I saw it first on Facebook, so it must be true.

From the old Italian tradition of “caffè sospeso” comes the practice of ordering “suspended” coffees at coffee shops. These coffees are paid for but not drunk. Rather, they are “suspended” or held on reserve for less fortunate members of the community to order later and drink for free.

After a bit of investigation beyond Facebook, I’m satisfied that the practice exists at least on some level, and however wide or narrowly spread, I’m convinced the spirit of suspended coffees is good for Ann Arbor.

First, I know that well-meaning intentions do exist. When I ask my students to write personal narratives, a number of essays every semester — written by students from hometowns large and small — detail encounters with panhandling and homelessness in Ann Arbor as raw and unsettling. Who am I, goes the common question, as a fortunate student studying at this esteemed University, to pass on by? And if I stop, if I engage, how much interaction or change is enough? How much charity is enough? Can I ever do enough?

Second, suspended coffees, despite the odd name and European birthplace, aren’t a particularly foreign concept. We’ve been asked to donate money for good causes when we check out of stores before, and we’ve seen restaurant walls filled with stickers and signs noting past donations. This coffee thoughtfulness, however, begins with the customer. We, coffee-drinkers of the city, decide when we are feeling generous; we decide when we want to give a little back. I like the idea of taking ownership of our pleasures and our vices, and I like appreciating that our daily routines, down to their smallest moments, can have meaning.

What’s more, though I’d like to think that the coffee shops in town would be happy to lend their support — particularly, say, Espresso Royale, headquartered here in Ann Arbor — this charity comes with bill in hand. We, not the companies we frequent, are the driving force of change. We, with money in hand and without prompting, are capable of thinking not just of ourselves. The customer isn’t always right, but maybe the charitable customer, eyeing a small and imminently attainable goal, is.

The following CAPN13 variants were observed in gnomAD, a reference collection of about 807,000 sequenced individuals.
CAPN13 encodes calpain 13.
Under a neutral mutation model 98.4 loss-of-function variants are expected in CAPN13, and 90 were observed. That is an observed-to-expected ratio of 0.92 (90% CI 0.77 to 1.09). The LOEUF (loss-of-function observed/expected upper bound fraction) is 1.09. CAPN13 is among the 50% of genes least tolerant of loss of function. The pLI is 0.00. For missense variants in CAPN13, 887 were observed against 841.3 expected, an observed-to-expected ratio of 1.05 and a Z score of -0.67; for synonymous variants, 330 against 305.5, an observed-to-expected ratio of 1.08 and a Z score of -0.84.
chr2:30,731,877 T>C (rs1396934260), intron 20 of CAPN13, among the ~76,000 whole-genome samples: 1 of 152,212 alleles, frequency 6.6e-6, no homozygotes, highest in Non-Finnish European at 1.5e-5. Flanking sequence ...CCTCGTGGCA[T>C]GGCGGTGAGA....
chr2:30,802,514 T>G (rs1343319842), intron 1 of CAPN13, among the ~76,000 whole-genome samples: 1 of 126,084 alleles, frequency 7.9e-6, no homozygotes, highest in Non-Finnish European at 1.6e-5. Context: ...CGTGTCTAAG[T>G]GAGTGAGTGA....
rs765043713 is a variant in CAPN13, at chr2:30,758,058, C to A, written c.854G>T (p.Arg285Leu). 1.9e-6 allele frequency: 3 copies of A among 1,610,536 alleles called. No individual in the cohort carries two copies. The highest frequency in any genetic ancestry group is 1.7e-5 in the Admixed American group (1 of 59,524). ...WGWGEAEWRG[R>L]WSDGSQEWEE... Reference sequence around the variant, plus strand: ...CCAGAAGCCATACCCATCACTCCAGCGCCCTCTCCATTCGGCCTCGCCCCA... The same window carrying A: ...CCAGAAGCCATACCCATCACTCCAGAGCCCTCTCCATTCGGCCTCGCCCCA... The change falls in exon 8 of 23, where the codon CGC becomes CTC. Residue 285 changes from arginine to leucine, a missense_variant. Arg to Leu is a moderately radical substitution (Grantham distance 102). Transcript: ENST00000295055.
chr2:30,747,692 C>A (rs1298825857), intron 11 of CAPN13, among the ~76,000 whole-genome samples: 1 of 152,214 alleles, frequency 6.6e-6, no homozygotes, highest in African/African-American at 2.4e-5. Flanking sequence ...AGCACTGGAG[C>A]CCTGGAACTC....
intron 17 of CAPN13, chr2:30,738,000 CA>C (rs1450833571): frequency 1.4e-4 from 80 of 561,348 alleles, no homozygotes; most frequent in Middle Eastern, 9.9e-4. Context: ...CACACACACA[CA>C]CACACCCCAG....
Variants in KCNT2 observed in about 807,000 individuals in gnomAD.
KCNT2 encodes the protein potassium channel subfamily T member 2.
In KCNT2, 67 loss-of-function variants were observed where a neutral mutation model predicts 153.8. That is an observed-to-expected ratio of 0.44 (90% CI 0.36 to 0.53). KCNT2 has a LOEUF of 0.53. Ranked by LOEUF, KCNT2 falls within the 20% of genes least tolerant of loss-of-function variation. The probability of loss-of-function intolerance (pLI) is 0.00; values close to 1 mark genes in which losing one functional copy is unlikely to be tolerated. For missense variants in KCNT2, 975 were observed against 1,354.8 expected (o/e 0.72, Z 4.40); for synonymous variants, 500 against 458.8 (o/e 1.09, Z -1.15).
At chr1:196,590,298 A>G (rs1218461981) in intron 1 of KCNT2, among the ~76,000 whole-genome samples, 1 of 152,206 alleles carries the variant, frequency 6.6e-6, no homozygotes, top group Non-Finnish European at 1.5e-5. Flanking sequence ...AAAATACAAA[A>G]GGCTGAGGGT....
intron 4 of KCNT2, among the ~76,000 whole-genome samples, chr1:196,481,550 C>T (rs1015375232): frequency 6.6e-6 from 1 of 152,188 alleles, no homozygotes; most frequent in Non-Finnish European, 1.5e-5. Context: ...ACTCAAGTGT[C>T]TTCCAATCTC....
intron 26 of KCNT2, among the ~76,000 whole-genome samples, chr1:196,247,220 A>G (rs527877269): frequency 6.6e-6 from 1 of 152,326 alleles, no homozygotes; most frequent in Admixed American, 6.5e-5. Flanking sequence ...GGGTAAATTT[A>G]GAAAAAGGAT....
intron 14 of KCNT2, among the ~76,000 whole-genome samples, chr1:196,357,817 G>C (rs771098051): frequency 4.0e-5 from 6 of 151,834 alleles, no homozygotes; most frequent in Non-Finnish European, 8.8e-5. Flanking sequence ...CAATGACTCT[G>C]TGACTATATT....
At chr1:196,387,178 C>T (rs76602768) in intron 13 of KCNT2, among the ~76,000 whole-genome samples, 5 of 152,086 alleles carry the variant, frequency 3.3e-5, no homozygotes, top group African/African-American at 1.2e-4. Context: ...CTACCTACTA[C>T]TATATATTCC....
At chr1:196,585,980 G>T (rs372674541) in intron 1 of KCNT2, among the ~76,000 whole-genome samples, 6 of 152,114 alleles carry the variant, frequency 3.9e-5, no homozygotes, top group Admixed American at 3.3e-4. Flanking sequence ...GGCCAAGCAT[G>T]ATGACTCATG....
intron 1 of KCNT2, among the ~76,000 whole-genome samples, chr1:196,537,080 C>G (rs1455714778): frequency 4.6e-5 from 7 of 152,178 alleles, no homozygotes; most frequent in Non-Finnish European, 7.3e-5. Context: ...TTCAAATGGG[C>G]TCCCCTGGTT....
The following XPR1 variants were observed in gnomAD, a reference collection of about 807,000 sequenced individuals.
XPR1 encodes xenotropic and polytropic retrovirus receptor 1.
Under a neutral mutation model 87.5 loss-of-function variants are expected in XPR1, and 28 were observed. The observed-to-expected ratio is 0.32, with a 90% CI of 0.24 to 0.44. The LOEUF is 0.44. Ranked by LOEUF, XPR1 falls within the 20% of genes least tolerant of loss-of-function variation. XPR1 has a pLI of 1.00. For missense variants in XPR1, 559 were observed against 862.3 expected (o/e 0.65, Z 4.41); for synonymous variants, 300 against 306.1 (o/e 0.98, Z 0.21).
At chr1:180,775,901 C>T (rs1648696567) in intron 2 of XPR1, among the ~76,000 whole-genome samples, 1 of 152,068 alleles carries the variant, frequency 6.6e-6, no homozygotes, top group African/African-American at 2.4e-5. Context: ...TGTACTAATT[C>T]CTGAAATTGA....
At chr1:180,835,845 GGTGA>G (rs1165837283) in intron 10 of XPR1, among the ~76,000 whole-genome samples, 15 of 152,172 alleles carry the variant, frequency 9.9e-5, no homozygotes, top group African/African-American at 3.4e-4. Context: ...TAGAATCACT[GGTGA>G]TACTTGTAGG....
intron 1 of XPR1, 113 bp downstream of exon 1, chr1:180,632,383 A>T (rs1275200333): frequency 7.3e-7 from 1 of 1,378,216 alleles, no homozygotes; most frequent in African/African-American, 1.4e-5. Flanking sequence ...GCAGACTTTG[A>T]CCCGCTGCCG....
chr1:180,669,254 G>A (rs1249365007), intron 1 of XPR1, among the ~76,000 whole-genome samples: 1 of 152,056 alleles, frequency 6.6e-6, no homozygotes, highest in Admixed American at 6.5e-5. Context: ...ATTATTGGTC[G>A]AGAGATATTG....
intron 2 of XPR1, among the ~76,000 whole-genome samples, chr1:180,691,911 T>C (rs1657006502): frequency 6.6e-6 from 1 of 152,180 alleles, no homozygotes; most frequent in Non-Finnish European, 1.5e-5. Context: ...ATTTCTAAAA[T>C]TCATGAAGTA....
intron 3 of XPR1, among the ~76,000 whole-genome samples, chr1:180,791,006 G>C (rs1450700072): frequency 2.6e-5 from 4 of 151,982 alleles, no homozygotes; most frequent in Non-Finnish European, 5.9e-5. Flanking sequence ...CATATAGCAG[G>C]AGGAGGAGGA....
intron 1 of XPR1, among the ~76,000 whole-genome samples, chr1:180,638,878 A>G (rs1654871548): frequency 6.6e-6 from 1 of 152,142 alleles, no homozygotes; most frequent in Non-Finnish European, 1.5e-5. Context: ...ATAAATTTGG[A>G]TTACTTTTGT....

Now, I know I’m talking about coffee, and not about so many of the necessities that many members of our community go without: food, clothing and shelter, and for that matter, medical care, legal representation and political voice. There are plenty of naysayers who say suspended coffees either won’t work or aren’t a good way of helping the needy. I freely admit the idea is imperfect and small-scale. But the smallness and easiness of suspended coffees is what interests me most. Too often in a college town — in an educated, well-meaning, but transient town — the will exists, but the follow-through and the logistical perseverance falls short. I believe that every graduating class (and for that matter, every individual student) does have the capacity to change the world, but I fear that too often world-changing is seen as an all-or-nothing proposition: If you can’t fix everything, why even try? On a big, problematic planet, I worry we’ve outsourced solutions — and even attempts at solutions — to saints and diehards. Instead, I want to believe that charity, thoughtfulness and decency are common skills, and like sports or music or writing, these skills, however inborn, must be practiced to be kept sharp.

Lastly, and perhaps most crucially, we’re reminded that the needy drink coffee too. Of course, not everyone drinks coffee. Of course, coffee is not a meal, and even during finals week, it’s not life-sustaining. But, as anyone who’s been on a first date knows, as anyone who’s crossed from one coffee shop to another directly across the street can attest, coffee might be as close as we get to the universal. To talk only of providing necessities, of delivering first (and often, only) basic sustenance, is also to distance us from our fellow travelers. The more our conversation is framed solely as “what we take for granted” and “what they need,” the easier it is to see the less fortunate as an entirely different species. Coffee is an imperfect touchstone, but it’s a valuable reminder of what binds us together.

Suspended coffees don’t come close to solving the world’s problems. They aren’t a one-stop-shop for supporting those in need. But they are practice for greater generosity. They are easy decency that brings tougher, longer, more resonant decency closer. They are, in one of our more privileged spaces, a reminder of lack, and they are, in our early-morning mindlessness, a reminder of possibility. They encourage a routine of charity and admit the accessibility of shared humanity.

And if you’re like me, any practice of humanity at 8 a.m. is a good start to the day.

Joseph Horton can be reached jbhorton@umich.edu.

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